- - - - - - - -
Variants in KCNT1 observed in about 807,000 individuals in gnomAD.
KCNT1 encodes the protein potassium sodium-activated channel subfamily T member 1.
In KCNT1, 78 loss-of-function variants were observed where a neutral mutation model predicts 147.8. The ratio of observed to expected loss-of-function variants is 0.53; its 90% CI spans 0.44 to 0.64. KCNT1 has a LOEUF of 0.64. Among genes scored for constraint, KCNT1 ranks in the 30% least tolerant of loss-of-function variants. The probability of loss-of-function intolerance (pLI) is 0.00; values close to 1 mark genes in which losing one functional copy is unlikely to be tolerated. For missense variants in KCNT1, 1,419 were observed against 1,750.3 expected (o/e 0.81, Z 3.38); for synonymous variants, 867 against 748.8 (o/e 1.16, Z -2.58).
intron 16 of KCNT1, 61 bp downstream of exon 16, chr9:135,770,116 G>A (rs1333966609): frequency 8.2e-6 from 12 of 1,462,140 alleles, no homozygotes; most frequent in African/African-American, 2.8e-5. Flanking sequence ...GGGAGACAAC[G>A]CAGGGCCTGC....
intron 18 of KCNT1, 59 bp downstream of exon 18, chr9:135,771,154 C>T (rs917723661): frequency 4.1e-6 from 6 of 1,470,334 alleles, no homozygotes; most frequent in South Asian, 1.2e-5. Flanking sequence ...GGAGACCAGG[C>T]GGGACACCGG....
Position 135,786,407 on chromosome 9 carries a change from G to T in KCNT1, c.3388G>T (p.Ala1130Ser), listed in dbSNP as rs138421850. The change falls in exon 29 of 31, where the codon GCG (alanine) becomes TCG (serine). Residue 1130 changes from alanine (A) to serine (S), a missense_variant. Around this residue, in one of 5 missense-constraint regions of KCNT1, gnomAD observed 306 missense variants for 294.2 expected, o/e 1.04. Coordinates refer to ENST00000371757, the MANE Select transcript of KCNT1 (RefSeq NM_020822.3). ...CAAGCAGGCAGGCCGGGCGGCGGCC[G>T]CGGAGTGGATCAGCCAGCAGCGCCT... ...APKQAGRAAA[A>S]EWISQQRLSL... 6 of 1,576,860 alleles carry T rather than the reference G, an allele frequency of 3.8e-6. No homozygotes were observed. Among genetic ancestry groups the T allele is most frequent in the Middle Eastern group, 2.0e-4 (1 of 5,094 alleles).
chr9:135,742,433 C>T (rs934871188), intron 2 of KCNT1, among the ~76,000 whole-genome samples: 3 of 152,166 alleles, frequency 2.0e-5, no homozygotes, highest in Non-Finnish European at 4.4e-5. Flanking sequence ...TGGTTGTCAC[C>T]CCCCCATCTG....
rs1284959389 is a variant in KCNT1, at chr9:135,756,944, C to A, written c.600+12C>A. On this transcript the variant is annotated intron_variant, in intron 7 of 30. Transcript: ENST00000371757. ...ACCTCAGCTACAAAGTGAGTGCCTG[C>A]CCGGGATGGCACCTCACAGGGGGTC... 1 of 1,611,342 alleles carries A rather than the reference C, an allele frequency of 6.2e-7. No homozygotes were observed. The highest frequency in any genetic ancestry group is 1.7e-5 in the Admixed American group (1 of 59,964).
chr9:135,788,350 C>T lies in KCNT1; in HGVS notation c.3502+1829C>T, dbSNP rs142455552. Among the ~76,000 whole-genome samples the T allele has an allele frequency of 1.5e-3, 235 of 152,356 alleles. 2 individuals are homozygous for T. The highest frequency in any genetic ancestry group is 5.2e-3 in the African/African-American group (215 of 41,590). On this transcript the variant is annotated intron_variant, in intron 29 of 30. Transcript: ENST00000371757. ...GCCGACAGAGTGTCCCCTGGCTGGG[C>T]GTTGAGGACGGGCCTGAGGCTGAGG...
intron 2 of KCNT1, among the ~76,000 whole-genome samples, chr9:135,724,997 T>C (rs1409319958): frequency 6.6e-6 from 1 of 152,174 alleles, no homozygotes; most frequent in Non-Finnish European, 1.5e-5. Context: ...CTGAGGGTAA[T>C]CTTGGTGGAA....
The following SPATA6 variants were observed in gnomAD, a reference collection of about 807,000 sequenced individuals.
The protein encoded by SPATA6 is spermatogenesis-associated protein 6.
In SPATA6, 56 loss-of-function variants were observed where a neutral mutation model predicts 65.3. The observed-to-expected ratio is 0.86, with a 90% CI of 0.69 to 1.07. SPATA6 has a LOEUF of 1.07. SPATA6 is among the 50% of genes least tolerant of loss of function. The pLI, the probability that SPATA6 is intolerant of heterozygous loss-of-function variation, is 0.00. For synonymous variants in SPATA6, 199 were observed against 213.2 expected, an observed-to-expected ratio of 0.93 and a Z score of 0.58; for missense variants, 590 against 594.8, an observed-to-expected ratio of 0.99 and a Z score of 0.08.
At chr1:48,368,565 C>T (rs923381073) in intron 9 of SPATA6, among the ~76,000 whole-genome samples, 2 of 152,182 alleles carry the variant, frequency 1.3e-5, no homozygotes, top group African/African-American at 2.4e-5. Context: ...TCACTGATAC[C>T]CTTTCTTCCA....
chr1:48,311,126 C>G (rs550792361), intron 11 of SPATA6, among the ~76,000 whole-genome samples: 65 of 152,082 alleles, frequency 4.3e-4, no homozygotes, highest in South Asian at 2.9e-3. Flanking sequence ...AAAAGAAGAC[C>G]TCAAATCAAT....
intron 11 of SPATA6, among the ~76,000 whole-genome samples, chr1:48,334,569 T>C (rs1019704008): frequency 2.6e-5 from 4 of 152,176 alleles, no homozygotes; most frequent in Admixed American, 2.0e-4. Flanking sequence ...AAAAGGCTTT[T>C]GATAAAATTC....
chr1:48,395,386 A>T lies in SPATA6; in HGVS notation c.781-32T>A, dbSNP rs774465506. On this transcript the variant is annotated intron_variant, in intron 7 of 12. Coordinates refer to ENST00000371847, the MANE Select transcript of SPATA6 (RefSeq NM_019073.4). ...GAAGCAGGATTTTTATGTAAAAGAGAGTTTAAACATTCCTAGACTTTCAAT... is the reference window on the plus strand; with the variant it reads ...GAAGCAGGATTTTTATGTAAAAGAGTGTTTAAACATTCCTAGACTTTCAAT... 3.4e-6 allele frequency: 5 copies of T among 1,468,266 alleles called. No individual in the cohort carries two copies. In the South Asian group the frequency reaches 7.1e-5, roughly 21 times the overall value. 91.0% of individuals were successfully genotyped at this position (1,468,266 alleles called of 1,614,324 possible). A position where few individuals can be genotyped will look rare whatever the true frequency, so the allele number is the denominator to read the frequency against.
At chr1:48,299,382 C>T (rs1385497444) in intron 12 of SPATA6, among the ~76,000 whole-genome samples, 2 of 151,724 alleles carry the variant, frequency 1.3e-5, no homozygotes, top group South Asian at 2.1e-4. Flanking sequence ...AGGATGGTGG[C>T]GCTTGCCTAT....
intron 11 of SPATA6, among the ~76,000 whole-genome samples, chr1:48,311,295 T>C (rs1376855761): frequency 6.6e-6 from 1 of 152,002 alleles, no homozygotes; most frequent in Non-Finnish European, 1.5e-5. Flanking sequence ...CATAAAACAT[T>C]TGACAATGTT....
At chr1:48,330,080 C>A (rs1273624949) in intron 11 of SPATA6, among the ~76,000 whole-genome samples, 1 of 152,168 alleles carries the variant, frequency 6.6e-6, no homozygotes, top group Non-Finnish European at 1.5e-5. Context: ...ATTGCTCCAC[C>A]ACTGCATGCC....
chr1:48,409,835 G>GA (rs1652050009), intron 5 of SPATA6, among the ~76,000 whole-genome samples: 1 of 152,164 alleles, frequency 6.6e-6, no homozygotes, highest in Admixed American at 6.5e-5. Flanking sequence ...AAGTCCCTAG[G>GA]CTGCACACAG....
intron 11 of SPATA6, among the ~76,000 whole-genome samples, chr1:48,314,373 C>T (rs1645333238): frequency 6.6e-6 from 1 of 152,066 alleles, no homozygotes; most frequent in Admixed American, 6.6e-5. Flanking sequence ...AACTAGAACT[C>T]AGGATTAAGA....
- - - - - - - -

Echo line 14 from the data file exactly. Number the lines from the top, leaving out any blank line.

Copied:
At chr1:48,368,565 C>T (rs923381073) in intron 9 of SPATA6, among the ~76,000 whole-genome samples, 2 of 152,182 alleles carry the variant, frequency 1.3e-5, no homozygotes, top group African/African-American at 2.4e-5. Context: ...TCACTGATAC[C>T]CTTTCTTCCA....